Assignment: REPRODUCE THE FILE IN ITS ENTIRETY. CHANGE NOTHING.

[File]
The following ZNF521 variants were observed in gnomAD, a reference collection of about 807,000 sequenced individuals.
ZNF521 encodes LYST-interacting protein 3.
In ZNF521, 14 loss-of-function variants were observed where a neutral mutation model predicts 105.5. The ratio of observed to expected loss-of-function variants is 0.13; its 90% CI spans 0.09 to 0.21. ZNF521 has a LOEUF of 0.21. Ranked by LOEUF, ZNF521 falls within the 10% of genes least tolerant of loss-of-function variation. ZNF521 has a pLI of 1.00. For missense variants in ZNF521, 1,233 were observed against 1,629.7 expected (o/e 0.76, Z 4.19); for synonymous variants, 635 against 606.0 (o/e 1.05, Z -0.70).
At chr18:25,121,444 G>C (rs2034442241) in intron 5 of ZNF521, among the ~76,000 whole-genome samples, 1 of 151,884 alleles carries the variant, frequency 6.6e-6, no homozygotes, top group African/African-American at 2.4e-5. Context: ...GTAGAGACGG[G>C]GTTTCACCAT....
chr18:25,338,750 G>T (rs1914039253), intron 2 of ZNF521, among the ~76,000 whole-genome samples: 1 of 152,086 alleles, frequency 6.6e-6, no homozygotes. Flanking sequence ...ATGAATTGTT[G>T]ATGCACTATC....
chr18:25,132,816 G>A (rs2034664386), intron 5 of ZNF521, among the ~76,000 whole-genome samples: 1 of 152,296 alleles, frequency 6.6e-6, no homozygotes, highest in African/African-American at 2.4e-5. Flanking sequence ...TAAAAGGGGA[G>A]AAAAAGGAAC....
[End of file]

The following ZNF521 variants were observed in gnomAD, a reference collection of about 807,000 sequenced individuals.
ZNF521 encodes LYST-interacting protein 3.
In ZNF521, 14 loss-of-function variants were observed where a neutral mutation model predicts 105.5. The ratio of observed to expected loss-of-function variants is 0.13; its 90% CI spans 0.09 to 0.21. ZNF521 has a LOEUF of 0.21. Ranked by LOEUF, ZNF521 falls within the 10% of genes least tolerant of loss-of-function variation. ZNF521 has a pLI of 1.00. For missense variants in ZNF521, 1,233 were observed against 1,629.7 expected (o/e 0.76, Z 4.19); for synonymous variants, 635 against 606.0 (o/e 1.05, Z -0.70).
At chr18:25,121,444 G>C (rs2034442241) in intron 5 of ZNF521, among the ~76,000 whole-genome samples, 1 of 151,884 alleles carries the variant, frequency 6.6e-6, no homozygotes, top group African/African-American at 2.4e-5. Context: ...GTAGAGACGG[G>C]GTTTCACCAT....
chr18:25,338,750 G>T (rs1914039253), intron 2 of ZNF521, among the ~76,000 whole-genome samples: 1 of 152,086 alleles, frequency 6.6e-6, no homozygotes. Flanking sequence ...ATGAATTGTT[G>T]ATGCACTATC....
chr18:25,132,816 G>A (rs2034664386), intron 5 of ZNF521, among the ~76,000 whole-genome samples: 1 of 152,296 alleles, frequency 6.6e-6, no homozygotes, highest in African/African-American at 2.4e-5. Flanking sequence ...TAAAAGGGGA[G>A]AAAAAGGAAC....